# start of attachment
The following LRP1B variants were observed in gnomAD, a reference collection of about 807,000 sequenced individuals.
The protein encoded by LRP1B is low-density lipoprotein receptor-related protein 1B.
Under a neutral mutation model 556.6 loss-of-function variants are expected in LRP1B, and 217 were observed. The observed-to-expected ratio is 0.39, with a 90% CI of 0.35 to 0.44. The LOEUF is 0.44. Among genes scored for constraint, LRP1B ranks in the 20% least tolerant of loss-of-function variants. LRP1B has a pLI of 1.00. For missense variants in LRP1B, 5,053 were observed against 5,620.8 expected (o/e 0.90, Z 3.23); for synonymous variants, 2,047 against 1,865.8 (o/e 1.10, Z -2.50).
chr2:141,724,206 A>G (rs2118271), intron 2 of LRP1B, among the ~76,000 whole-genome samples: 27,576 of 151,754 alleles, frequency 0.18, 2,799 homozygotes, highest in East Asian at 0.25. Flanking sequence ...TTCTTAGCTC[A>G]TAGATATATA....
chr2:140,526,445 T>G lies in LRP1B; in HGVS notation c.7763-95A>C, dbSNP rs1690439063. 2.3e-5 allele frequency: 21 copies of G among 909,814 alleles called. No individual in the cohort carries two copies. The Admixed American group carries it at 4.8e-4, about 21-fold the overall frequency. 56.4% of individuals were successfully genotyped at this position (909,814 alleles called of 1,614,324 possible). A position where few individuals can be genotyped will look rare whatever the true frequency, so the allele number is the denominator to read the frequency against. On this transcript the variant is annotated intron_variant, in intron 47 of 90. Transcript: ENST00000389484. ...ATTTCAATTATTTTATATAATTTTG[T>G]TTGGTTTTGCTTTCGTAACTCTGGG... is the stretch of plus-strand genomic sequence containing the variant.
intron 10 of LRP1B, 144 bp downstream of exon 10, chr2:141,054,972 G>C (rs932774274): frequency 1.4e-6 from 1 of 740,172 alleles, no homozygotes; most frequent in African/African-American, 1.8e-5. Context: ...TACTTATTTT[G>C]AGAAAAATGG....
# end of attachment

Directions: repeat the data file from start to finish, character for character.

The following LRP1B variants were observed in gnomAD, a reference collection of about 807,000 sequenced individuals.
The protein encoded by LRP1B is low-density lipoprotein receptor-related protein 1B.
Under a neutral mutation model 556.6 loss-of-function variants are expected in LRP1B, and 217 were observed. The observed-to-expected ratio is 0.39, with a 90% CI of 0.35 to 0.44. The LOEUF is 0.44. Among genes scored for constraint, LRP1B ranks in the 20% least tolerant of loss-of-function variants. LRP1B has a pLI of 1.00. For missense variants in LRP1B, 5,053 were observed against 5,620.8 expected (o/e 0.90, Z 3.23); for synonymous variants, 2,047 against 1,865.8 (o/e 1.10, Z -2.50).
chr2:141,724,206 A>G (rs2118271), intron 2 of LRP1B, among the ~76,000 whole-genome samples: 27,576 of 151,754 alleles, frequency 0.18, 2,799 homozygotes, highest in East Asian at 0.25. Flanking sequence ...TTCTTAGCTC[A>G]TAGATATATA....
chr2:140,526,445 T>G lies in LRP1B; in HGVS notation c.7763-95A>C, dbSNP rs1690439063. 2.3e-5 allele frequency: 21 copies of G among 909,814 alleles called. No individual in the cohort carries two copies. The Admixed American group carries it at 4.8e-4, about 21-fold the overall frequency. 56.4% of individuals were successfully genotyped at this position (909,814 alleles called of 1,614,324 possible). A position where few individuals can be genotyped will look rare whatever the true frequency, so the allele number is the denominator to read the frequency against. On this transcript the variant is annotated intron_variant, in intron 47 of 90. Transcript: ENST00000389484. ...ATTTCAATTATTTTATATAATTTTG[T>G]TTGGTTTTGCTTTCGTAACTCTGGG... is the stretch of plus-strand genomic sequence containing the variant.
intron 10 of LRP1B, 144 bp downstream of exon 10, chr2:141,054,972 G>C (rs932774274): frequency 1.4e-6 from 1 of 740,172 alleles, no homozygotes; most frequent in African/African-American, 1.8e-5. Context: ...TACTTATTTT[G>C]AGAAAAATGG....